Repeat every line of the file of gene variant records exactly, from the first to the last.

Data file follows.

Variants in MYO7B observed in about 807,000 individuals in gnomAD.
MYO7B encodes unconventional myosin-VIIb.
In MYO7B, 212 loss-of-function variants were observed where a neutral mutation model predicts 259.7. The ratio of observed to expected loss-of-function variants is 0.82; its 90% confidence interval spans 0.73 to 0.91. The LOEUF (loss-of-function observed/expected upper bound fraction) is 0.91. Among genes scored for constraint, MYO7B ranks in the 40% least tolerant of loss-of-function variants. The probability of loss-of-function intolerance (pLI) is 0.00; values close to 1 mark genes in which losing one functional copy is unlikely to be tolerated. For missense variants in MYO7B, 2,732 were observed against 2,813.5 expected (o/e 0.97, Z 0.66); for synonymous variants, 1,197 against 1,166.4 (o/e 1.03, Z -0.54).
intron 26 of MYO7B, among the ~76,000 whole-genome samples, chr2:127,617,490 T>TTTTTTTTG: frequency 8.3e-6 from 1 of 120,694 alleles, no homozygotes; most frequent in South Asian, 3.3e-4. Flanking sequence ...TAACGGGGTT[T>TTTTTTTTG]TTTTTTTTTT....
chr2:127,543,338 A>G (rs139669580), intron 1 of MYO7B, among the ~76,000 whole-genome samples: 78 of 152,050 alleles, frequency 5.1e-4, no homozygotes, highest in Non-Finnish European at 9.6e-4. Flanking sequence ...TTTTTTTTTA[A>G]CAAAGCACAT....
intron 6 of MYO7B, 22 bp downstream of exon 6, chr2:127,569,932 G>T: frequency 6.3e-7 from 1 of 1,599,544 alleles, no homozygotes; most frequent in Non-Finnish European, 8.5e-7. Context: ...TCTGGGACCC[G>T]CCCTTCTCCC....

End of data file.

Variants in MYO7B observed in about 807,000 individuals in gnomAD.
MYO7B encodes unconventional myosin-VIIb.
In MYO7B, 212 loss-of-function variants were observed where a neutral mutation model predicts 259.7. The ratio of observed to expected loss-of-function variants is 0.82; its 90% confidence interval spans 0.73 to 0.91. The LOEUF (loss-of-function observed/expected upper bound fraction) is 0.91. Among genes scored for constraint, MYO7B ranks in the 40% least tolerant of loss-of-function variants. The probability of loss-of-function intolerance (pLI) is 0.00; values close to 1 mark genes in which losing one functional copy is unlikely to be tolerated. For missense variants in MYO7B, 2,732 were observed against 2,813.5 expected (o/e 0.97, Z 0.66); for synonymous variants, 1,197 against 1,166.4 (o/e 1.03, Z -0.54).
intron 26 of MYO7B, among the ~76,000 whole-genome samples, chr2:127,617,490 T>TTTTTTTTG: frequency 8.3e-6 from 1 of 120,694 alleles, no homozygotes; most frequent in South Asian, 3.3e-4. Flanking sequence ...TAACGGGGTT[T>TTTTTTTTG]TTTTTTTTTT....
chr2:127,543,338 A>G (rs139669580), intron 1 of MYO7B, among the ~76,000 whole-genome samples: 78 of 152,050 alleles, frequency 5.1e-4, no homozygotes, highest in Non-Finnish European at 9.6e-4. Flanking sequence ...TTTTTTTTTA[A>G]CAAAGCACAT....
intron 6 of MYO7B, 22 bp downstream of exon 6, chr2:127,569,932 G>T: frequency 6.3e-7 from 1 of 1,599,544 alleles, no homozygotes; most frequent in Non-Finnish European, 8.5e-7. Context: ...TCTGGGACCC[G>T]CCCTTCTCCC....